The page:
Fracturing processes and induced seismicity due to the hydraulic fracturing of rocks
Author(s)Gonçalves da Silva, Bruno Miguel
Massachusetts Institute of Technology. Department of Civil and Environmental Engineering.
Herbert H. Einstein.
MetadataShow full item record
Hydraulic fracturing is a method used routinely in oil and gas exploitation and in engineered geothermal systems. While used frequently, there are aspects of hydraulic fracturing, such as the propagation of the newly-created fractures and interaction between natural and newly-created fractures, which are not well understood. Since data from field hydraulic stimulations may be difficult to obtain and interpret, laboratory testing and numerical modeling play a major role in understanding the hydraulically fracturing processes. A test setup was developed to simultaneously apply a vertical stress to rock specimens and a hydraulic pressure to pre-cut flaws with various geometries, leading to the initiation and propagation of new cracks. The test setup allowed one to obtain high-resolution and high-speed video images of the hydraulic fracturing processes and to monitor acoustic emissions in Barre granite specimens subjected to constant vertical stresses of 0 or 5 MPa. The imaging data were used to determine the mechanisms of development of the visible fractures produced during the tests. The acoustic emission data were used to estimate the mechanisms responsible for the development of micro-cracks. In order to understand the fracturing behavior of the hydraulically loaded rock specimens, particularly the effect of the ratio between the water pressure applied in the flaws (WP) and the vertical load applied to the specimen (VL), a finite element analysis was performed using the same loading conditions of the experiments. The experiments showed that most visible cracks observed were tensile and that the patterns of the hydraulic fractures produced were strongly dependent on the vertical load applied. They also showed that the water pressure necessary to propagate fractures is dependent on the vertical load and on the flaw geometry. The numerical analysis showed that the ratio WP/VL plays a crucial role in the magnitude and shape of the stress field around a flaw tip, and therefore in the location of tensile and shear fracture initiation. The study of micro-seismic events indicated that tensile and shear micro-cracks frequently developed before visible tensile cracks in the tests with no and 5 MPa of vertical load, respectively. The results presented improve the knowledge of the physical processes involved in the hydraulic fracturing of rocks.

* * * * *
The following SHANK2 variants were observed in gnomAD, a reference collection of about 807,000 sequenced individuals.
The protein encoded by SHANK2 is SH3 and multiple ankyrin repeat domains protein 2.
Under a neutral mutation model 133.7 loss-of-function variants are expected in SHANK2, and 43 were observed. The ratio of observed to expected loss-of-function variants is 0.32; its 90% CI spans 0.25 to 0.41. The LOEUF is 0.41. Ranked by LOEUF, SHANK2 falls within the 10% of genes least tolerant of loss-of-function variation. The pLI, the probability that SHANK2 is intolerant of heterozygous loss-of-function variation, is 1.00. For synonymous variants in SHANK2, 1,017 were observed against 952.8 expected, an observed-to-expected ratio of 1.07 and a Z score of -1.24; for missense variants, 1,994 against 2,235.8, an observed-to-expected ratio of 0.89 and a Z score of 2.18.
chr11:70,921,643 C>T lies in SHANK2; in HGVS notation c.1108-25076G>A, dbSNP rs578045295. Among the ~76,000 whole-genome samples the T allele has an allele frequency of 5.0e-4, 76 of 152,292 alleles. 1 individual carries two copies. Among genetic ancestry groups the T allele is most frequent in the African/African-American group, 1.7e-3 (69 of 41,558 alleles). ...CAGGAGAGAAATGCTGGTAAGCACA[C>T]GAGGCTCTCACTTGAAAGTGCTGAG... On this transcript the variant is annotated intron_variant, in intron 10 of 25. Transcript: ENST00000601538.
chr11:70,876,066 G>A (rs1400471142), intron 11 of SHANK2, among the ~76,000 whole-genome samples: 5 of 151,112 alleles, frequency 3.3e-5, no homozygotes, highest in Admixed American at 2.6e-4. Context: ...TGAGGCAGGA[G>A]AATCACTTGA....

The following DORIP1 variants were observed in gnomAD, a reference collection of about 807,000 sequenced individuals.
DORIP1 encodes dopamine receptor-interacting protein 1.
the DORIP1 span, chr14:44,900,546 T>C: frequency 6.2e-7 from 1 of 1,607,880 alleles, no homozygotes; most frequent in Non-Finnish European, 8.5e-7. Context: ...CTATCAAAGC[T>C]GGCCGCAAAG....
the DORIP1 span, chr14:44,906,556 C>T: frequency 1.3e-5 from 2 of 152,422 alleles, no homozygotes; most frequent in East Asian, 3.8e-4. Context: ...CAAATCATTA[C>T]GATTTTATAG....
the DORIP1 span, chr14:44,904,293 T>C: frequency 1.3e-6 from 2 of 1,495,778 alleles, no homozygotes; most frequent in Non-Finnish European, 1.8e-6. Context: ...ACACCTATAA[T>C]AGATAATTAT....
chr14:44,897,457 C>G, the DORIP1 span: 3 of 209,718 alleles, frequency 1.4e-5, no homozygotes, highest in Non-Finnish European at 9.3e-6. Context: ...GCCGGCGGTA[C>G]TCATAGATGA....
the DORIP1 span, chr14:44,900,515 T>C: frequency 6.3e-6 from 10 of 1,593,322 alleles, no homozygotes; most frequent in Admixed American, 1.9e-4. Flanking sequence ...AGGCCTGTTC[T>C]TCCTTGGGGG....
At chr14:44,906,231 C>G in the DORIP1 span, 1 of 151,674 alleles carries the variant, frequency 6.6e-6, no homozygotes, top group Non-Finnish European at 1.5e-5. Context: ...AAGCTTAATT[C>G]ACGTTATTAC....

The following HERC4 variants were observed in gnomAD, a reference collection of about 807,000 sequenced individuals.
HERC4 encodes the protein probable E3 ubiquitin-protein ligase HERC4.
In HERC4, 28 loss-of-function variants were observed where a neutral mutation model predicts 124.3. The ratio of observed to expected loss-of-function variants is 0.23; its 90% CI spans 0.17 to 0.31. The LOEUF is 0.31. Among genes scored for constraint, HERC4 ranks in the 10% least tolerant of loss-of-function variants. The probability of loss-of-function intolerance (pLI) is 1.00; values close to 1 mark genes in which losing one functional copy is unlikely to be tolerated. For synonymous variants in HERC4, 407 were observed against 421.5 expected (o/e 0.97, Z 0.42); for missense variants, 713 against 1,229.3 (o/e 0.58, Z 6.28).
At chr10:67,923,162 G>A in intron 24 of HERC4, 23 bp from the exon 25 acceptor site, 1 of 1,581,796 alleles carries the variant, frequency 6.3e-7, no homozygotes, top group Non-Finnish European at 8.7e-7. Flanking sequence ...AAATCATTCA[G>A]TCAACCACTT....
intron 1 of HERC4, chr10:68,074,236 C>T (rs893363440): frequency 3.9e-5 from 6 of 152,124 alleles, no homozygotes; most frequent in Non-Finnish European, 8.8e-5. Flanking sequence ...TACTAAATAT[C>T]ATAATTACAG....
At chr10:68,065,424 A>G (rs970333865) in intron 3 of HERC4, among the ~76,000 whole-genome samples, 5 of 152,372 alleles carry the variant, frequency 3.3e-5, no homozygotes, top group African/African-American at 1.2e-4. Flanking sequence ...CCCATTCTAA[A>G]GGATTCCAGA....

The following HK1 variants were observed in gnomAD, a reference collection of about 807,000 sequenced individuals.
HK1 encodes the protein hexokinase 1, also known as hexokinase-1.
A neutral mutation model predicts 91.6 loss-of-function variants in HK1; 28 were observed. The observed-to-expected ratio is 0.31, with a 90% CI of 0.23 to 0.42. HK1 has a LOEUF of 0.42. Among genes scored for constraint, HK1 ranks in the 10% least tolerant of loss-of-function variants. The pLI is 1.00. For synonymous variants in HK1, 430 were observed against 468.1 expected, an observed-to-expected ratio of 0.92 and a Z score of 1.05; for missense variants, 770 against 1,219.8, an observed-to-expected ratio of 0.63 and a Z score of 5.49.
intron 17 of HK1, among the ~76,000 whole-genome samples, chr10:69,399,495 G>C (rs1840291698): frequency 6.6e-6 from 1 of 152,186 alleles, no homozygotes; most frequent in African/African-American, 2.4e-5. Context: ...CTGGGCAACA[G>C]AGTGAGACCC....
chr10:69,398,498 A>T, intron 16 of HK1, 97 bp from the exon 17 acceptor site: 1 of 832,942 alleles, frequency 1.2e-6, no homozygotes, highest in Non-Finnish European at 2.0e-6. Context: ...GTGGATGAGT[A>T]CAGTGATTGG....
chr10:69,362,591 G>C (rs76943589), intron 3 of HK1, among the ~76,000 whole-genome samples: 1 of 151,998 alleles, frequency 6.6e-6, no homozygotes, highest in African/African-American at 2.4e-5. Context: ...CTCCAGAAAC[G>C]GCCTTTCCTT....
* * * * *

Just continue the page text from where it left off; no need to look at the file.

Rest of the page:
Thesis: Ph. D., Massachusetts Institute of Technology, Department of Civil and Environmental Engineering, 2016.Cataloged from PDF version of thesis.Includes bibliographical references (pages 449-458).
DepartmentMassachusetts Institute of Technology. Department of Civil and Environmental Engineering
Massachusetts Institute of Technology
Civil and Environmental Engineering.